You should also consider that dosing will vary based on your pet's size and underlying health conditions. For example, the recommended (extra-label) dosing of omega-3 fatty acids for dogs with kidney disease differs from the recommended (also extra-label) dosing for dogs with arthritis. In both cases, the dosing is based on the pet's weight.

Some supplements can also interact with prescribed medications. For example, glucosamine/chondroitin combinations have been reported to decrease the efficacy of insulin. Administering probiotics with antibiotics may decrease their efficacy. You should always let your veterinarian know if your pet takes any medications or supplements to avoid negative interactions.

Some supplements may be covered by comprehensive pet insurance as long as the veterinarian prescribes them to treat a covered condition. Some insurance companies may consider supplements as an alternative therapy, either not providing coverage or only providing coverage if the pet owner selects holistic/alternative therapy packages. General health supplements, such as ones meant to slow aging, are usually not covered by pet insurance companies.

Potential side effects of supplements

Although side effects are generally rare when given at appropriate dosing with veterinary guidance, there are potential side effects of dog supplements, including:

  • Digestive upset causing diarrhea or loose stools, vomiting, nausea, stomach pain, and excessive gas
  • Allergic reactions causing itchy skin, hives, facial or limb swelling, or anaphylaxis
  • Drug interactions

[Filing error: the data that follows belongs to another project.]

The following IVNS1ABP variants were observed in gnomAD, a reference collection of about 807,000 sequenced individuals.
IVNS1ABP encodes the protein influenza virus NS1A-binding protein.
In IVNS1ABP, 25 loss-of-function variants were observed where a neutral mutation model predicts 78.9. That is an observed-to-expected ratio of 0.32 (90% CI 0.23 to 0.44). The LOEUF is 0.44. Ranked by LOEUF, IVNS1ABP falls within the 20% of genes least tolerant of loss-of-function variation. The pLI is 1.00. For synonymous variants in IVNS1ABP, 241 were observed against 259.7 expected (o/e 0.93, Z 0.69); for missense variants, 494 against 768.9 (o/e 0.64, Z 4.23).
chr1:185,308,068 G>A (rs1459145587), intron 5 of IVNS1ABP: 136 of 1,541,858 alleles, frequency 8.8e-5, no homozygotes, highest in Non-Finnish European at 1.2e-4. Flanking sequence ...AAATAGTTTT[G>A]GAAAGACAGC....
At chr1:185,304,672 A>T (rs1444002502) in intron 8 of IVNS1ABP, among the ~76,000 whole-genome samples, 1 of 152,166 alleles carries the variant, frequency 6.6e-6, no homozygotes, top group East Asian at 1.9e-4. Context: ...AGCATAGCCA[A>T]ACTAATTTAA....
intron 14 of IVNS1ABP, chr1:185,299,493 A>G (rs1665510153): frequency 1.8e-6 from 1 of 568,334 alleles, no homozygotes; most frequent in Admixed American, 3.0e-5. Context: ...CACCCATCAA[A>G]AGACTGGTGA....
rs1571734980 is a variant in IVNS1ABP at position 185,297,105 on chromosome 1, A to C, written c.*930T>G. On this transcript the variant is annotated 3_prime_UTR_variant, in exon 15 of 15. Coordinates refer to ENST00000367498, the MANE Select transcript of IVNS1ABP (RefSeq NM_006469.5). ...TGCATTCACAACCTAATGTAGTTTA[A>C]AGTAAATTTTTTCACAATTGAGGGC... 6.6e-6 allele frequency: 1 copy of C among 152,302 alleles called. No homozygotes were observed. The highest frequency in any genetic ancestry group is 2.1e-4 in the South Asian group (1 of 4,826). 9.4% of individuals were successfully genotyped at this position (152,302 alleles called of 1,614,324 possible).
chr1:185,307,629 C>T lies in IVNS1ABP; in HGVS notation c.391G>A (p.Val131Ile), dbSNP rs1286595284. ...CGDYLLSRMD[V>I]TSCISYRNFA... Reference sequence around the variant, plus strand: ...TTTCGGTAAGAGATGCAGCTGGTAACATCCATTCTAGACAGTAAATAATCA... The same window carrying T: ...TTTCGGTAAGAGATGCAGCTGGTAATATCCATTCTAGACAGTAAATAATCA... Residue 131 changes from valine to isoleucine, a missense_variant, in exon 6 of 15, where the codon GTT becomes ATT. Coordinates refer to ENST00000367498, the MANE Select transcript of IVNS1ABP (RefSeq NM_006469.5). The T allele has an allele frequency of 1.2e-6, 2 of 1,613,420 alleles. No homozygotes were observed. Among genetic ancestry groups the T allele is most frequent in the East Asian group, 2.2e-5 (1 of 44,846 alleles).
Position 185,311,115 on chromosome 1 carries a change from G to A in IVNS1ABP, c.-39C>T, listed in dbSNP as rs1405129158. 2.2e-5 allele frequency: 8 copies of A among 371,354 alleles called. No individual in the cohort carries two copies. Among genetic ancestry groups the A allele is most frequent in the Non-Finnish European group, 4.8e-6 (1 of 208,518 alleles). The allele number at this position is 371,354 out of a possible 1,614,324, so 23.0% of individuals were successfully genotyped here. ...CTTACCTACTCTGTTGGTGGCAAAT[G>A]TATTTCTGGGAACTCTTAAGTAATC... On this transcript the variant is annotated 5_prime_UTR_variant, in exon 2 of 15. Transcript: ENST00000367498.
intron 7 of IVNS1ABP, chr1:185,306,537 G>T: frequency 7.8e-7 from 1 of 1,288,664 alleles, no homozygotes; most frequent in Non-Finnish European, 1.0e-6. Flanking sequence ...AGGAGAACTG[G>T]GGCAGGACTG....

• Increased bleeding risk

Side effects differ between different types of supplements. Some supplements can be toxic if given without veterinary approval or if overdosed. For example, calcitriol (a vitamin D analog) overdose can cause increased calcium and phosphorus levels that result in vomiting, diarrhea, excessive thirst, excessive urination, and damage to the kidneys.

The Leap Years supplement lists no known interactions with other medications or supplements, and they report no adverse effects in dogs receiving 10 times the daily dosage.

Alternative ways to promote healthy aging in dogs

Rather than relying on supplements alone to counter the effects of age, consider these evidence-based approaches to promoting longevity in dogs:

  • Proper diet and nutrition. Choose a high-quality food approved by AAFCO that meets the requirements for your dog’s life stage and medical needs. Prescription diets are available for dogs with unique dietary needs
  • Regular exercise. Obesity may shorten lifespan in dogs by as many as two years. Maintaining a healthy weight and activity level promotes longevity in dogs.
  • Preventative veterinary care. Regular wellness exams and screening tests allow for the early detection of diseases. Earlier intervention improves outcomes for many health conditions. Vet-recommended vaccines and preventives protect your pet from potentially deadly infectious diseases and parasites.
  • Mental stimulation. The American Animal Hospital Association (AAHA) recommends regular environmental enrichment, including new toys, cognitive games, tasks, and agility (if mobility allows) to combat cognitive decline.

While the anti-aging effects of supplements for dogs are inconclusive, some might offer health benefits when used appropriately under veterinary guidance. Rather than focusing on anti-aging and extending life, it may be more appropriate to center your dog’s quality of life as your end goal. Rather than seeking a magic anti-aging pill, focus on a holistic approach to healthy aging by providing your dog with a proper diet, regular exercise, and regular veterinary care.